Version 1.2 released!

Last update on Nov. 27, 2013.

Version 1.2 released!

Version 1.2 is now available from the download page.

This release has three main focuses. Stabilizing the installer, Linux Gaming and Removing the third party repo deb-multimedia.org.

Changes in version 1.2:

  • Incorporates a couple of remaining installer bug fixes.
  • Kwheezy Profiler, a new GUI tool to backup and restore user profiles.
  • Rekonq browser updated to 2.3.2.
  • Steam client installed by default.
  • PlayOnLinux installed by default.
  • Some open source games (kdegames, dreamchess) included.
  • deb-multimedia.org packages replaced by official Debian packages. The necessary codecs / decoders included from Kwheezy repo instead.
  • Some minor tweaking here and there.

Version 1.1 installations can be upgraded to 1.2 via Apper or apt-get. However some extra tasks must be performed to get all the changes.

Please follow this wiki on how to fully migrate to 1.2.

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Comments

  1. Vince

    Vince on 09/21/2013 3:39 a.m. #

    Is Secure UEFI supported?

  2. euan

    euan on 09/21/2013 5:02 a.m. #

    @Vince: good question. AFAIK it does not. Debian wheezy supports UEFI but not secure boot. I'm not sure if anyone has created an unofficial way to do it though. I'll do some reading up and report back.

    However, I haven't encountered any motherboard that I haven't been able to turn secure boot off... yet!

  3. Nyxi

    Nyxi on 09/22/2013 1:37 a.m. #

    What version of KDE is in this release?

  4. Vince

    Vince on 09/22/2013 4:43 a.m. #

    OK, thanks for the info. I can turn secure boot off on the motherboard. But was just wondering, because with Ubuntu, Lubuntu and Ubuntu Gnome it works out of the box with out me having to turn off any motherboard settings like Secure Boot. All new laptops that I've tried so far, ASUS (my current), Toshiba Satellite, and Dell Inspiron all use UEFI. The Linux distros, not just yours, but all of them should be addressing this. Because I'd just as soon not use Unity. Hence the other flavors I've listed above that I use.

    Thanks for your reply and help.

  5. euan

    euan on 09/22/2013 8:07 a.m. #

    @Vince: Yes you're correct. Debian decided there was not any clear and proper solution to the secure boot problem yet. Microsoft is to blame for this total mess. They seem to keep getting away with these mal-practises. Maybe by Debian 8 there will be a good clear and wholesome solution that they can endorse. Until then we just have to suffer a little. As linux users we should buy hardware made for linux, like System76.

  6. euan

    euan on 09/22/2013 8:11 a.m. #

    @Nyxi: it's same as Debian, 4.8.4. May sound old, but its the most rock solid KDE I've used so far.

  7. Andy

    Andy on 09/23/2013 8:16 p.m. #

    Tried to install kwheezy version 1.2
    The install stopped with a login prompt
    I had to enter administrator for the user name not
    Administrator as shown in the 1.2 install instructions. I used kwheezy for the password as per the instructions. Once logged in I got a $ prompt and nothing more. I entered startx and it began to istall the live desktop. The desktop began to appear but then it crashed in Kwin - The KDE CRash Handler. I installed the 32bit iso file on a usb stick and booted the system from CD using plopKexec version 0.3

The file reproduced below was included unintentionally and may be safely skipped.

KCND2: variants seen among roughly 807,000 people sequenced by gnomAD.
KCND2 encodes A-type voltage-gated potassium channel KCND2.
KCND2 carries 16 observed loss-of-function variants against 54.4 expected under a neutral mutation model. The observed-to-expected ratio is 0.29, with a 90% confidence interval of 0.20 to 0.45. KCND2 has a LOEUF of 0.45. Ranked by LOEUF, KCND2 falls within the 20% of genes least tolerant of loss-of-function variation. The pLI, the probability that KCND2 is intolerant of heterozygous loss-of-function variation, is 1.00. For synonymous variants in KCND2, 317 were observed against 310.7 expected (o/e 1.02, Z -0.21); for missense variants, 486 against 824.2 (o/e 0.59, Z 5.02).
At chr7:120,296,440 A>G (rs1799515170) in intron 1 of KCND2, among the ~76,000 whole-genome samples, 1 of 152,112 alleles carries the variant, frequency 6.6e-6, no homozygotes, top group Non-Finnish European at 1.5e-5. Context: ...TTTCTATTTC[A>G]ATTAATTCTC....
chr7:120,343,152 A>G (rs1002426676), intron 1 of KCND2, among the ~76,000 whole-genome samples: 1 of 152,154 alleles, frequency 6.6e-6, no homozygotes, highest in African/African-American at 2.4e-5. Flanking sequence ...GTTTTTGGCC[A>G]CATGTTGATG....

These instructions need to be modified to tell users to log in as administrator not Administrator.

    http://www.kwheezy.com/en/weblog/2013/07/23/installation-guide/

  8. euan

    euan on 09/23/2013 10:14 p.m. #

    @Andy: Firstly, it's strange that you should have to login on the live session. It should autologin to the desktop. I can only guess that your video (graphics) card is not well supported by Debian Wheezy. What graphics card do you have? Please follow wiki "Diagnose and repair video driver issues". Could you please email the outputs to me, I'll PM you via email.

    I don't know anything about plopKexec. Are you trying to use Kwheezy as a Live pendrive installation. Persistence?

    You are correct about the installation guide instructions. Please forgive me, I guess I forgot Linux is case sensitive, even for usernames. I've changed it. Thing is, you shouldn't need to login to Live session.

  9. vuk

    vuk on 09/24/2013 8:21 p.m. #

    Why you choose to switch debian multimedia repository? It worked well so far.

  10. euan

    euan on 09/24/2013 8:48 p.m. #

    @vuk: Perhaps you were lucky that it worked well for you.

    I got some emails from some Debian IRC members. They were very annoyed that Kwheezy users were contacting them with problems related to phonon (VLC in particular). It turns out the DMO packages are buggy, they cause problems with phonon. I noticed myself, that once I wenr back to Debian packages, my VLC runs without errors. The volume on VLC would change the master volume, when it shouldn't. Somebody else posted that the DMO caused flickering that Debian packages didn't.

    Also, I didn't want to rely on 3rd party repo too much. What if DMO goes away etc.